The Limitations of Dancing Horses and Kissing Actors
The trees are gorgeous, the sky the perfect shade of blue—perhaps perfect because it keeps on changing from moment to moment, as if it knows our feelings and anticipates them. As with all the best stage sets, this one seems to go on forever. And we start to doubt what we know for sure—that theater is not film, and that there are physical limits to the auditorium.
That Cavalia’s horse ballet Odysseo rattles such basic premises before it even begins is a striking feat of conceptual daring. Even so, when the company releases the first stallion onto the stage under the big top at AT&T Park, you’re shocked at the speed and power of the animal. It marks the beginning of a series of energetic, equine performances—decidedly wild and yet rigorously managed.
At first it seems that horses running in various patterns is all we're going to get: straight across the stage, fast; in circles, clockwise and counter; up and down the huge raked stage, sometimes at pleasing diagonals. If math were art, it might look something like this. Even the riders seem part of the geometry and not really human.
And then come the acrobats and the show enters a different realm. The key scene comes when man and horse perform together, not in tandem, but rather alongside and against each other. To watch a horse jump over a ridiculously high barrier is to revel in nature’s perfection; to watch a man do the same is to understand something about the imagination.
As beautiful as they are, the horses are just a measuring stick for a radical accounting of human ingenuity: They’re just horses. That they’ve been trained to perform says little about them, and more about us. And the best scene of the show reduces the stallions to background props -- a slowly moving merry-go-round circles as aerialists contort and still their bodies against the poles. The acrobats seem to defy everything we know of gravity and human strength. It is a stunning reversal of nature: A horse could never do that and wouldn't have the imagination to even try.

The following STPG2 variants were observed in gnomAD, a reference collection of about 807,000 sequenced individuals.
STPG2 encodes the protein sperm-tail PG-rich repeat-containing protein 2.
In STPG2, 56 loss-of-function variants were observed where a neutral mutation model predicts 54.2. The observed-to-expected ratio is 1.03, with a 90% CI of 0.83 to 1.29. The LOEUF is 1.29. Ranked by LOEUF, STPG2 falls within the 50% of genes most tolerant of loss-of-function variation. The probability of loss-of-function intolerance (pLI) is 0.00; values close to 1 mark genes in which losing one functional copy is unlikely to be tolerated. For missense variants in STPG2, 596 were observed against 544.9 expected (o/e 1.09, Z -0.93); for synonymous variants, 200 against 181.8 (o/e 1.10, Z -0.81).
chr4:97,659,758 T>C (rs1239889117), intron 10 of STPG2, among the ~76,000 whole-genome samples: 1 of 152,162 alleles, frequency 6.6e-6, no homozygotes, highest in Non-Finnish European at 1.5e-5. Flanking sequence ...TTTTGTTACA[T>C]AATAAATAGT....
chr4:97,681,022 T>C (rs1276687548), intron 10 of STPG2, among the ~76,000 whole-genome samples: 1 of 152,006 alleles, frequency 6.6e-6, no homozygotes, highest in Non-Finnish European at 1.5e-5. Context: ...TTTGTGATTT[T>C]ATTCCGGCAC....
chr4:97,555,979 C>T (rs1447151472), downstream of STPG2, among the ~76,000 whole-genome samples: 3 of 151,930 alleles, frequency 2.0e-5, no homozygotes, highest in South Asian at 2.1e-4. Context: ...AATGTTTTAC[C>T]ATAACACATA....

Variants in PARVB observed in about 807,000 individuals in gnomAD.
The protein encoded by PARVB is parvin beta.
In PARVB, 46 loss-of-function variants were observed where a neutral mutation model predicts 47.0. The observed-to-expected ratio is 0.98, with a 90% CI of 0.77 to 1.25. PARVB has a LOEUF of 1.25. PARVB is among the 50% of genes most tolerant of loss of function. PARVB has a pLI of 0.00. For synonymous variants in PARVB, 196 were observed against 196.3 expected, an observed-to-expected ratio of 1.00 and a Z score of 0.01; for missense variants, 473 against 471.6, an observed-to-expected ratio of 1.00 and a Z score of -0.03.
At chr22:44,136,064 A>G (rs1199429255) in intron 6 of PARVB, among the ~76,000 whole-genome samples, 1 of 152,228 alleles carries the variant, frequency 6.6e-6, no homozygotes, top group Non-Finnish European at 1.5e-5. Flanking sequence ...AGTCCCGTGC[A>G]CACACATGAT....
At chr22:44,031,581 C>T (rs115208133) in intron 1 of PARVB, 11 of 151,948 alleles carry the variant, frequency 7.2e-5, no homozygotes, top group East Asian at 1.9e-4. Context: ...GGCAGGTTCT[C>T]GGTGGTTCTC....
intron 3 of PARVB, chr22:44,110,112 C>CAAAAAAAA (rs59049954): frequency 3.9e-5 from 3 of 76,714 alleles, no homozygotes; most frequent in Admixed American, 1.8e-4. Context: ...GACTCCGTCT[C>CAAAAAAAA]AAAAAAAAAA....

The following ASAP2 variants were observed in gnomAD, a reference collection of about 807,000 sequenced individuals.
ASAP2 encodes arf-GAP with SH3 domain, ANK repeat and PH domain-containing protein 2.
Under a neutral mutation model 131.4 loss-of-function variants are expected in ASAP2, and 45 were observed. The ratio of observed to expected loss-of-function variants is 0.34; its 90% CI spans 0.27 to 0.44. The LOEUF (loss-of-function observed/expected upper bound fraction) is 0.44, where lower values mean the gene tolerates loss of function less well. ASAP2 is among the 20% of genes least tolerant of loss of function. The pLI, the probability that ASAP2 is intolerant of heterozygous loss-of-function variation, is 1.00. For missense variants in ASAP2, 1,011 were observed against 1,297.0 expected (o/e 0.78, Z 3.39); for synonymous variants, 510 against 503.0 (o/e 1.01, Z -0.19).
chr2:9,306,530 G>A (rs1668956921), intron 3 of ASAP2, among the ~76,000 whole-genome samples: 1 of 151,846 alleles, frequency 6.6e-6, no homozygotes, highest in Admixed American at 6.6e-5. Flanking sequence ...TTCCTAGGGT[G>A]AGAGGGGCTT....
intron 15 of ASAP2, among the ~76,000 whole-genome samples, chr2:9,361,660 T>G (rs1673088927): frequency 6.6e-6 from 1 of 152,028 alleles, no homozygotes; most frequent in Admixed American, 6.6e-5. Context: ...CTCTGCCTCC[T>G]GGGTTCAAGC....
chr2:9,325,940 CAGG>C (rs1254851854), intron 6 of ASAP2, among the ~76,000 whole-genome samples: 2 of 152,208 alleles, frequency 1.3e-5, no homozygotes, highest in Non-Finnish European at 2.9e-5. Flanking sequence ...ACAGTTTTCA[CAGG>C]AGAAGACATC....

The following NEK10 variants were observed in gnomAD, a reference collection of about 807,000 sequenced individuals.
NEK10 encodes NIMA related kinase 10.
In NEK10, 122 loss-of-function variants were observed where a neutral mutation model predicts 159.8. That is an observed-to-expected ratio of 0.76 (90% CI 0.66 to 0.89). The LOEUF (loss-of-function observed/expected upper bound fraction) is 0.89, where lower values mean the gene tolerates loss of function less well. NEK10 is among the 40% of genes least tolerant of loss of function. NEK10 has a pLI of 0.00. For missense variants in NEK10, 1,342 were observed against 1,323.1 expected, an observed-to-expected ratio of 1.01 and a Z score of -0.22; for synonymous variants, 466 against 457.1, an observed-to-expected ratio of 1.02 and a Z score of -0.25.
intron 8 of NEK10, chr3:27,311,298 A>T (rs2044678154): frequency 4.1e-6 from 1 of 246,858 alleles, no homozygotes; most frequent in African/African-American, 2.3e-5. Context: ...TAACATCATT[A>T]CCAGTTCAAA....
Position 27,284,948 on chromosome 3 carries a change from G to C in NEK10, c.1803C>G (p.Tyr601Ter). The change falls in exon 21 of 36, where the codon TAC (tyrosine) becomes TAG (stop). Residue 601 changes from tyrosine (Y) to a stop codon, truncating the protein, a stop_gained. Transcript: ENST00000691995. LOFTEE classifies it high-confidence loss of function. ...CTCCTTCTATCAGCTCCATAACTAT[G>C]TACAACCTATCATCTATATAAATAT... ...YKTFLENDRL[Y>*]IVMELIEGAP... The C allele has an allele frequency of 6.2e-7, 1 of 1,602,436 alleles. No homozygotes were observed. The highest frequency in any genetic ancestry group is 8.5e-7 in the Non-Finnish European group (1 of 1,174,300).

Yet given all this beauty, the show somehow feels empty. Odysseo aspires to the unlimited, and it has the skills to get there. But it’s caught in a New Age aesthetic that sees no difference between achievement and art. Cavalia’s performers and horses are capable of unbelievable stunts, but that's where it stops. What you see is awe-inspiring, but awe is a fast-diminishing resource. Odysseo doesn’t even try to offer anything else.
Sara Ruhl’s Stage Kiss at San Francisco Playhouse has an unusual take on a problem that Cavalia never considers: what does it mean to complete an action? In this particular case, the action under consideration is a kiss, and the subtle deviation between the act and its theatrical proxies of “stage” kiss and “staged” kiss. There’s enough kissing of all kinds in this backstage romance about a pair of former lovers who’ve been cast in the same play as a pair of former lovers. And yet the meaning of those kisses evades the characters and propels the drama forward to a crucial question: can a stage kiss take on the feeling and depth of a real one? Or are all kisses, in one way or the other, staged? It’s a worthy question that the play never answers.